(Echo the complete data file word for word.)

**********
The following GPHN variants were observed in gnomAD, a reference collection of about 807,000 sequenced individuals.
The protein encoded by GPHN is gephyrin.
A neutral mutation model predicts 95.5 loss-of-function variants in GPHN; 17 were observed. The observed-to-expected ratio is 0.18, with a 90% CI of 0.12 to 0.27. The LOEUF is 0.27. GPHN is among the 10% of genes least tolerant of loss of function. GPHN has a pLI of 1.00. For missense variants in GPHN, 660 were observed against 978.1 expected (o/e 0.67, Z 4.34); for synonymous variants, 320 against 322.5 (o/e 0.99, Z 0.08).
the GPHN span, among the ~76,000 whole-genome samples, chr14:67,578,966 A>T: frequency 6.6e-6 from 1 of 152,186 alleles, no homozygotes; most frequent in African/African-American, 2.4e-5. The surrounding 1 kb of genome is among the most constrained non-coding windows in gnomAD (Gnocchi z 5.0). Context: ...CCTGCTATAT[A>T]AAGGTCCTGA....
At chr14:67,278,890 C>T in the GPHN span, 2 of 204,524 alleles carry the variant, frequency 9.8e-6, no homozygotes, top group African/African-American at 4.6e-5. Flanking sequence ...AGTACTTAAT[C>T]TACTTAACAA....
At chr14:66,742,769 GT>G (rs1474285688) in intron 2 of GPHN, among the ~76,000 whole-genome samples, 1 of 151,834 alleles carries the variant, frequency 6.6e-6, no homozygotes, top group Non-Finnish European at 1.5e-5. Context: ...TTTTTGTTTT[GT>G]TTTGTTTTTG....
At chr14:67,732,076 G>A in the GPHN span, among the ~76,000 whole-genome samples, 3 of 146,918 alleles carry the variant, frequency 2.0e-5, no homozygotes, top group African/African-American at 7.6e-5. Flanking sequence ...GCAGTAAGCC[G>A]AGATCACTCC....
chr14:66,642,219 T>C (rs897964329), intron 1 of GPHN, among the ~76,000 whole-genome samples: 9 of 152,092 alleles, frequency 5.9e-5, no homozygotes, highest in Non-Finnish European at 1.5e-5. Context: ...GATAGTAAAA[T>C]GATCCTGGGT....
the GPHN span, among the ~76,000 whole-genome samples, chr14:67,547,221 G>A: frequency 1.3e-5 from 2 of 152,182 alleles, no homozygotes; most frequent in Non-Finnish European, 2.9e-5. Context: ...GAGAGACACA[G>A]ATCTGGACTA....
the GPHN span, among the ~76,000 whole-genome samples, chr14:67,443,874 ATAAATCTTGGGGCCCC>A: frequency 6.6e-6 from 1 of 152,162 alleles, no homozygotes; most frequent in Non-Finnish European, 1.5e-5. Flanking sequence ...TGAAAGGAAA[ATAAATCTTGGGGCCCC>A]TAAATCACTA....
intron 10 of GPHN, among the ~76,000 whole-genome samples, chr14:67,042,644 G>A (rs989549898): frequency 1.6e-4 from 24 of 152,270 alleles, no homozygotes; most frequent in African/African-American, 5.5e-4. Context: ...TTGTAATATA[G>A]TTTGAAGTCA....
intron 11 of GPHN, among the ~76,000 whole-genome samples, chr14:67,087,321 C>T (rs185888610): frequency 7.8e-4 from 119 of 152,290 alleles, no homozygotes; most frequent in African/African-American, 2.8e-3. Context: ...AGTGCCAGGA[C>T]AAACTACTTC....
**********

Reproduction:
The following GPHN variants were observed in gnomAD, a reference collection of about 807,000 sequenced individuals.
The protein encoded by GPHN is gephyrin.
A neutral mutation model predicts 95.5 loss-of-function variants in GPHN; 17 were observed. The observed-to-expected ratio is 0.18, with a 90% CI of 0.12 to 0.27. The LOEUF is 0.27. GPHN is among the 10% of genes least tolerant of loss of function. GPHN has a pLI of 1.00. For missense variants in GPHN, 660 were observed against 978.1 expected (o/e 0.67, Z 4.34); for synonymous variants, 320 against 322.5 (o/e 0.99, Z 0.08).
the GPHN span, among the ~76,000 whole-genome samples, chr14:67,578,966 A>T: frequency 6.6e-6 from 1 of 152,186 alleles, no homozygotes; most frequent in African/African-American, 2.4e-5. The surrounding 1 kb of genome is among the most constrained non-coding windows in gnomAD (Gnocchi z 5.0). Context: ...CCTGCTATAT[A>T]AAGGTCCTGA....
At chr14:67,278,890 C>T in the GPHN span, 2 of 204,524 alleles carry the variant, frequency 9.8e-6, no homozygotes, top group African/African-American at 4.6e-5. Flanking sequence ...AGTACTTAAT[C>T]TACTTAACAA....
At chr14:66,742,769 GT>G (rs1474285688) in intron 2 of GPHN, among the ~76,000 whole-genome samples, 1 of 151,834 alleles carries the variant, frequency 6.6e-6, no homozygotes, top group Non-Finnish European at 1.5e-5. Context: ...TTTTTGTTTT[GT>G]TTTGTTTTTG....
At chr14:67,732,076 G>A in the GPHN span, among the ~76,000 whole-genome samples, 3 of 146,918 alleles carry the variant, frequency 2.0e-5, no homozygotes, top group African/African-American at 7.6e-5. Flanking sequence ...GCAGTAAGCC[G>A]AGATCACTCC....
chr14:66,642,219 T>C (rs897964329), intron 1 of GPHN, among the ~76,000 whole-genome samples: 9 of 152,092 alleles, frequency 5.9e-5, no homozygotes, highest in Non-Finnish European at 1.5e-5. Context: ...GATAGTAAAA[T>C]GATCCTGGGT....
the GPHN span, among the ~76,000 whole-genome samples, chr14:67,547,221 G>A: frequency 1.3e-5 from 2 of 152,182 alleles, no homozygotes; most frequent in Non-Finnish European, 2.9e-5. Context: ...GAGAGACACA[G>A]ATCTGGACTA....
the GPHN span, among the ~76,000 whole-genome samples, chr14:67,443,874 ATAAATCTTGGGGCCCC>A: frequency 6.6e-6 from 1 of 152,162 alleles, no homozygotes; most frequent in Non-Finnish European, 1.5e-5. Flanking sequence ...TGAAAGGAAA[ATAAATCTTGGGGCCCC>A]TAAATCACTA....
intron 10 of GPHN, among the ~76,000 whole-genome samples, chr14:67,042,644 G>A (rs989549898): frequency 1.6e-4 from 24 of 152,270 alleles, no homozygotes; most frequent in African/African-American, 5.5e-4. Context: ...TTGTAATATA[G>A]TTTGAAGTCA....
intron 11 of GPHN, among the ~76,000 whole-genome samples, chr14:67,087,321 C>T (rs185888610): frequency 7.8e-4 from 119 of 152,290 alleles, no homozygotes; most frequent in African/African-American, 2.8e-3. Context: ...AGTGCCAGGA[C>T]AAACTACTTC....